Meet the Frankl team
At Frankl we are incredibly fortunate to be led by people with a combination of scientific and blockchain expertise. Our core team is made up of Dr Jon Brock, Peter Godbolt and myself, with the help and advice of all the excellent people mentioned below. Please contact us anytime via Telegram, Twitter or Facebook.
Dr Jon Brock, cognitive scientist
Jon is the heart and soul of Frankl, and the reason we’re all working towards open science on the blockchain. He’s a cognitive scientist with 18 years experience of research on neurodevelopmental conditions including autism, Williams syndrome, Down syndrome, dyslexia, and developmental language disorders –combining cognitive assessments, eye-tracking, and a range of neuroimaging techniques.
Jon has a PhD in Psychology and completed post-docs at the University of Bristol and University of Oxford, followed by an ARC Australian Research Fellowship in Cognitive Science at Macquarie University, Sydney.
He is an Associate Investigator of the ARC Centre of Excellence in Cognition and its Disorders, co-founded the Australasian Society for Autism Research, and served as Academic Editor of the open access, open science journal PeerJ.
Jon has published 60 academic papers and has also written popular science articles for publication including Scientific American, The Guardian, and The Conversation.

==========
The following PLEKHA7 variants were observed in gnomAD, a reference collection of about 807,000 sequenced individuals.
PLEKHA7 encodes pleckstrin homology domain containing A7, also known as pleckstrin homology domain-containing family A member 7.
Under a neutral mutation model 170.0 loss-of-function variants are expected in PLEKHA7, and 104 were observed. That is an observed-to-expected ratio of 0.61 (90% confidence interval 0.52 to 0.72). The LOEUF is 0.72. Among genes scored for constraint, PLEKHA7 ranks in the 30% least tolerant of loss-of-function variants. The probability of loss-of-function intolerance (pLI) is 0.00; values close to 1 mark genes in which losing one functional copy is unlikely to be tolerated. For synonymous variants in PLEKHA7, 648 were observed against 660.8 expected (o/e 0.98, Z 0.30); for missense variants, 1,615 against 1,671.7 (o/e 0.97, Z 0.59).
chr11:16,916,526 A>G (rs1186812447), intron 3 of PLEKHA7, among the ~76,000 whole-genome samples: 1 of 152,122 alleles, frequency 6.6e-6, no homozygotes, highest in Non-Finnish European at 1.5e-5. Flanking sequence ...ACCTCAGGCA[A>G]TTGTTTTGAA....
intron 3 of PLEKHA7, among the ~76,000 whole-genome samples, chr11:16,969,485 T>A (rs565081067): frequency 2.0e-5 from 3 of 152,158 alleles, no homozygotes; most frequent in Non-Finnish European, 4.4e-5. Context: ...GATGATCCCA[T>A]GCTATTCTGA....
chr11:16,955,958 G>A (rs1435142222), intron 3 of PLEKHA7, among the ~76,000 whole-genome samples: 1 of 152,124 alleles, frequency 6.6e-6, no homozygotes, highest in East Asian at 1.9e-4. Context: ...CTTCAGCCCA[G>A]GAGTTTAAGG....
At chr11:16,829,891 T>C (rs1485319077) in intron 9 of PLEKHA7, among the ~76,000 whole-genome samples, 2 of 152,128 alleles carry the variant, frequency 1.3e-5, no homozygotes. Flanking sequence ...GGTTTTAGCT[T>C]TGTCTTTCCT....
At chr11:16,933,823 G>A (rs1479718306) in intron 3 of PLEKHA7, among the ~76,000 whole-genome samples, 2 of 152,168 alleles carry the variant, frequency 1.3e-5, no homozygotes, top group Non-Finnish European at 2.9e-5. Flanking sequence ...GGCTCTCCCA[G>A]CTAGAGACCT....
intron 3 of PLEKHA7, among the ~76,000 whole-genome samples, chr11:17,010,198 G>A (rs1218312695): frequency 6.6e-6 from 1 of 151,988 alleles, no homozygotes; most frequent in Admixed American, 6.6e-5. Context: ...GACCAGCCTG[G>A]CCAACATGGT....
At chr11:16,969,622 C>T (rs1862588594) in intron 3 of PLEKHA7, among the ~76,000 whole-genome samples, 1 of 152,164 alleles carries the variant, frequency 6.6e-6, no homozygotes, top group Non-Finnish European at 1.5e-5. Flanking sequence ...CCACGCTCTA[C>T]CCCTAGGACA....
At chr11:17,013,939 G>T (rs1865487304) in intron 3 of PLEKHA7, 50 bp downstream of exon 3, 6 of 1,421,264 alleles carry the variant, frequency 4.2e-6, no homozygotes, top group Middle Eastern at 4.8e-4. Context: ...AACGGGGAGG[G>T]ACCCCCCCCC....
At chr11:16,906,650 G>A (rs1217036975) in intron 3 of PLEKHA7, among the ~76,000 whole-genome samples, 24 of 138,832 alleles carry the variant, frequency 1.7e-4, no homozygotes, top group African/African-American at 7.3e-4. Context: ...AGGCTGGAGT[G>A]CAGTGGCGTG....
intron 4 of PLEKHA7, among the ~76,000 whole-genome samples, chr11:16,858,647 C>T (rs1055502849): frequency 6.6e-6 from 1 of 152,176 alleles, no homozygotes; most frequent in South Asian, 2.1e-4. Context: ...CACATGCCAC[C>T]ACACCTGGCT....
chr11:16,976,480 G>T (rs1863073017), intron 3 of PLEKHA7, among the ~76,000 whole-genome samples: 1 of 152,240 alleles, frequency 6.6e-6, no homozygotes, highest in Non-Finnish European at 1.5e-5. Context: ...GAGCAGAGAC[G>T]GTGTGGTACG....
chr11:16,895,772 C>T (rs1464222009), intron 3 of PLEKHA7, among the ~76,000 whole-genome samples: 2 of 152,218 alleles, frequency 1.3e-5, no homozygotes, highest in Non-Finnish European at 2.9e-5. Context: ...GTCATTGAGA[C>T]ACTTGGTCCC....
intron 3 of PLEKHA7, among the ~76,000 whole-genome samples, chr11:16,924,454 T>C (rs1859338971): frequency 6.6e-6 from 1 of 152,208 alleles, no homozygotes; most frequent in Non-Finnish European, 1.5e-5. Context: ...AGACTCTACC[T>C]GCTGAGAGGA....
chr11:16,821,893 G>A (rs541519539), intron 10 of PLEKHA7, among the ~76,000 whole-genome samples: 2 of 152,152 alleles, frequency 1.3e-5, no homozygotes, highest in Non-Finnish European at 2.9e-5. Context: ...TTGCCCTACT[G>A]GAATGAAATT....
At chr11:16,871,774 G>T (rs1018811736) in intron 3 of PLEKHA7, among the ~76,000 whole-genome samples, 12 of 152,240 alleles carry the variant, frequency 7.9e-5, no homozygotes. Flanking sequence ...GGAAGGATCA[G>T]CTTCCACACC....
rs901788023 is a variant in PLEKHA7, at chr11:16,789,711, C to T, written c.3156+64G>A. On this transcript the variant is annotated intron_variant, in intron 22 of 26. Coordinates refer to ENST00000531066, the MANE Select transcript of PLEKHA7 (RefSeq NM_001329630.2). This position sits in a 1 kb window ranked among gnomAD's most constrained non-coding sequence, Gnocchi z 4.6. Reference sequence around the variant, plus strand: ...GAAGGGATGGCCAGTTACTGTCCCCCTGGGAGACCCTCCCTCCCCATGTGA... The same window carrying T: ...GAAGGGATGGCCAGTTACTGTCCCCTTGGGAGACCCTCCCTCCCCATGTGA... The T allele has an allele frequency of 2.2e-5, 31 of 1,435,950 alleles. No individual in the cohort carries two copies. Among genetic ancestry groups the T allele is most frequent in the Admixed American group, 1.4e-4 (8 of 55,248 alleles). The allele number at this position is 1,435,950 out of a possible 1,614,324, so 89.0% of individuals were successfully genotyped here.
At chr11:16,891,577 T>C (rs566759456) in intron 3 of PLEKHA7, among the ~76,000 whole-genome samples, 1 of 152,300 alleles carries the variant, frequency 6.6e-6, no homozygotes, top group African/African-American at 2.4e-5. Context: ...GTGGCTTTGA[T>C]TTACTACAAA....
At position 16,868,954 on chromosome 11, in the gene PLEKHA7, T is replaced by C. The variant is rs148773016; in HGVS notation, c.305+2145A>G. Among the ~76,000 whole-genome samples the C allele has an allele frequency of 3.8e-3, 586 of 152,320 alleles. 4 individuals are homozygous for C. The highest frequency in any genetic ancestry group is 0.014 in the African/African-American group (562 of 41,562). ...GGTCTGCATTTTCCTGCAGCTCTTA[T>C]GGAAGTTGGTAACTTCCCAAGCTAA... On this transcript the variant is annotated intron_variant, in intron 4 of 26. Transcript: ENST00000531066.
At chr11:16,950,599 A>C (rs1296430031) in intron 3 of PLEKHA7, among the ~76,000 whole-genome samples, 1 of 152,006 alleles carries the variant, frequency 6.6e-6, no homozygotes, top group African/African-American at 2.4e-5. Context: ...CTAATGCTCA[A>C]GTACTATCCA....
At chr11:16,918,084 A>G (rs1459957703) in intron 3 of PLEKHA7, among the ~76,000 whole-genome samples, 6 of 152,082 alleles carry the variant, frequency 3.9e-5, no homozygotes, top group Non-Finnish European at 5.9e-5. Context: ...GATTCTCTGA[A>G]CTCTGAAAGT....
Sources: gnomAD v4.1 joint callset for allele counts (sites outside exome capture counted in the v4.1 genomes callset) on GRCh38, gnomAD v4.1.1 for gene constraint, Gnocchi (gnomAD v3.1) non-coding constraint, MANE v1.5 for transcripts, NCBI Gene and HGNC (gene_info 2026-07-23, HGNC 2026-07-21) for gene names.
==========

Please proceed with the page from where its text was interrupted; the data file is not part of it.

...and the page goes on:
Peter Godbolt, blockchain tech
Peter has extensive blockchain experience, having co-founded and led several projects, initially on Bitcoin and then on the Ethereum blockchain. He worked on a number of high profile token sales throughout 2016–2017 and brings ‘in the trenches’ experience, along with a helicopter view of the dynamics of blockchain innovation.
Elise Roberts, business development
Elise is a science and technology enthusiast, motivated to connect people with research they can use to engineer a better world. With over a decade of experience working at the intersection of technology and communications across a wide range of industries, Elise works to share the best tech for knowledge transfer with Australian organisations and the wider community.
Tasha Nair, community support
Tasha is a maths and physics student at Macquarie University who we’ve wrangled to spend all her spare time teaching people how to manage things like digital wallets, blockchain addresses and token transfers. She’s also a blockchain developer in-the-making and in true startup style, lends a hand across all areas of the business.
Kyle Hengst, developer & cyberdesigner
Kyle joins us from the UK. His focus is on web and app development, infused with UX and design expertise. Kyle is currently working on Frankl’s first test apps — developed with Jon to provide more accurate, more accessible and more affordable methods of cognitive assessment for children with autism.
Kat Clark, creative technologist
Kat’s mission is to make the internet a better place. A trapeze artist on the weekends, Kat is now helping to make the blockchain a better place by ensuring Frankl has the best possible web presence. She’s a big supporter of STEM (science, technology, engineering and maths) and has been featured in Careers with STEM magazine.
Sammy Broese, graphic designer